Regulations adopted by California’s Office of Environmental Health Hazard Assessment (OEHHA) in August 2016 become operative on Aug. 30, 2018. While the long-awaited regulations address several topics, the key change affects the style of warnings that must be given when a product, menu item or work space, for example, exceeds safe harbor thresholds or otherwise requires a warning. Instead of the old warning style that did not specify the chemical that triggers the warning, the new warning requires specification of the Prop 65-listed chemical (or chemicals) and a web address where a consumer or employee can find out more information about the warning and why it exists. The new warning also features a triangle and exclamation point to further draw attention to it. Here is an example warning for a product containing arsenic above the safe harbor level:

The new warnings become mandatory for products manufactured on and after Aug. 30, 2018, but businesses would be smart to act well in advance of that date to revise existing warnings. As with other areas of Prop 65, the new warning requirements will likely be well enforced by private plaintiffs. In addition to these new warning requirements, there are new specific warnings for alcoholic beverages, food and non-alcoholic beverages, prescription drugs, dental care, wood dust, furniture products, diesel engines, vehicles, recreational vessels, enclosed parking facilities, amusement parks, petroleum products, service stations and vehicle repair facilities, and designated smoking areas.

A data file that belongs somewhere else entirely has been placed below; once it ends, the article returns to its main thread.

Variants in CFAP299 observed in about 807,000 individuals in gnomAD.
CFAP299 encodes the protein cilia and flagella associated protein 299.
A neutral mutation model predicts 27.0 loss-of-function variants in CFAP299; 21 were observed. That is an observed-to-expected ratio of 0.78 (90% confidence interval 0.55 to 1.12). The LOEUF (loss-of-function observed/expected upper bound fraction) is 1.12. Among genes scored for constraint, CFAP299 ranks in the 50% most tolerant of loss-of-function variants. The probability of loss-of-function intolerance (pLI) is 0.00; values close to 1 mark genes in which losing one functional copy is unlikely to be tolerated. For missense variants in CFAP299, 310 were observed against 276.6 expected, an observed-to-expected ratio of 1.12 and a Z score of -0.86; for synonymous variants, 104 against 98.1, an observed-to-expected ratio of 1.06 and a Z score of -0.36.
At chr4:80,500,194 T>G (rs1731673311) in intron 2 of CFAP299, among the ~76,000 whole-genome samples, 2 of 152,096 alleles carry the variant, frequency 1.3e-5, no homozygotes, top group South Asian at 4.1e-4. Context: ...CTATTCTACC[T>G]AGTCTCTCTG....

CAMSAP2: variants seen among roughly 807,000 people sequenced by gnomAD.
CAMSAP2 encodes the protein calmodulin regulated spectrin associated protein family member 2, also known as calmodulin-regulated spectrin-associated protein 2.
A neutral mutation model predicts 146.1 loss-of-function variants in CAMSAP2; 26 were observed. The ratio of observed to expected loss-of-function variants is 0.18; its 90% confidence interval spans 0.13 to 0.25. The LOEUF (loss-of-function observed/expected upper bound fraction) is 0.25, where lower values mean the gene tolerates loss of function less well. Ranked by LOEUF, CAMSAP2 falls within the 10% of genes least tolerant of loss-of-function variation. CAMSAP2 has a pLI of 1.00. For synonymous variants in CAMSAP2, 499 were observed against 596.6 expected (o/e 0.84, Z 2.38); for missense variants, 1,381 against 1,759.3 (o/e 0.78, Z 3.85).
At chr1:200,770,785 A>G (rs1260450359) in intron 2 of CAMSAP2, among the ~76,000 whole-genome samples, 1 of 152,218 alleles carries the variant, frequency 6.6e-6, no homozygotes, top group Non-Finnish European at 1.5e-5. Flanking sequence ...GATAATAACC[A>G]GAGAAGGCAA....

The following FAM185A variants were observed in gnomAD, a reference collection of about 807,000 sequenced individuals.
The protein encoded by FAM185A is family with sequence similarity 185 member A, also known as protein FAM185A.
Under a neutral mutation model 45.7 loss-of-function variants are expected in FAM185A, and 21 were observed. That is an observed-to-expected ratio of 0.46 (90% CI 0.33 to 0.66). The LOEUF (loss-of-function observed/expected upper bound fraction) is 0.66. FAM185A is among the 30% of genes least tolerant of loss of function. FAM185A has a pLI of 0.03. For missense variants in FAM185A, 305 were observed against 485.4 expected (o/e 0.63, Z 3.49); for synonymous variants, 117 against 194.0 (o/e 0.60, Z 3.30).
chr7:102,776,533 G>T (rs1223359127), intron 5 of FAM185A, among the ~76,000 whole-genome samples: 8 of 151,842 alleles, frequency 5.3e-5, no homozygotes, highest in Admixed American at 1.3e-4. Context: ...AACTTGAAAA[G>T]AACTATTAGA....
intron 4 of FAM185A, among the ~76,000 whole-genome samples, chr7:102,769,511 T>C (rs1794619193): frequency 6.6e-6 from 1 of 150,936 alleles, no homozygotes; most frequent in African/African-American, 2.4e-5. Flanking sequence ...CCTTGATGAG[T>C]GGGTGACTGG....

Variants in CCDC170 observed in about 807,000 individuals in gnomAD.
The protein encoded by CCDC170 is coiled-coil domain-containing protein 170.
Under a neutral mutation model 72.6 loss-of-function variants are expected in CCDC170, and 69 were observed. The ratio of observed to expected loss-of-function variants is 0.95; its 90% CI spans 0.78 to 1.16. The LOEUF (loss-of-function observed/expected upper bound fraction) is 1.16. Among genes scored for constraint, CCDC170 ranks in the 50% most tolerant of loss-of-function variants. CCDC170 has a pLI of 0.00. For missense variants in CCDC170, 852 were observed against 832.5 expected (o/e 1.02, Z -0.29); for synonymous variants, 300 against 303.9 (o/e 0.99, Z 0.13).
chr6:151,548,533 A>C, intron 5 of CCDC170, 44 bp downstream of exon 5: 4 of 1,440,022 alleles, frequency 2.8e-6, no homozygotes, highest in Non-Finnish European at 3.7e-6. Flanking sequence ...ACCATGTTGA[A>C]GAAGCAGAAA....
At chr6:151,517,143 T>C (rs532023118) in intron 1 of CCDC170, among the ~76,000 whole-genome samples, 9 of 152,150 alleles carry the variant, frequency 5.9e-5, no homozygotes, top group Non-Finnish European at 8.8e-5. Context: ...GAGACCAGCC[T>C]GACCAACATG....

Finally, the new regulations put the burden of Prop 65 compliance primarily on product manufacturers, rather than downstream distributors or retailers, though manufacturers can enter written agreements to have downstream entities comply. There are several other issues addressed by the new regulations of lesser importance.

While the new regulations impose different requirements, at the same time Prop 65’s scope will only continue to widen in 2018 as new chemicals are listed. The most recent proposed listing concerns TRIM® VX, a metalworking fluid used as a lubricant and coolant liquid for cleaning tools and parts during cutting, drilling, milling, and grinding. In the pesticide sector, despite pending challenges in state and federal court to derail the listing of glyphosate (none of which have had success yet), OEHHA in the meantime finalized its safe harbor level on April 10, 2018 at 1,100 micrograms per day.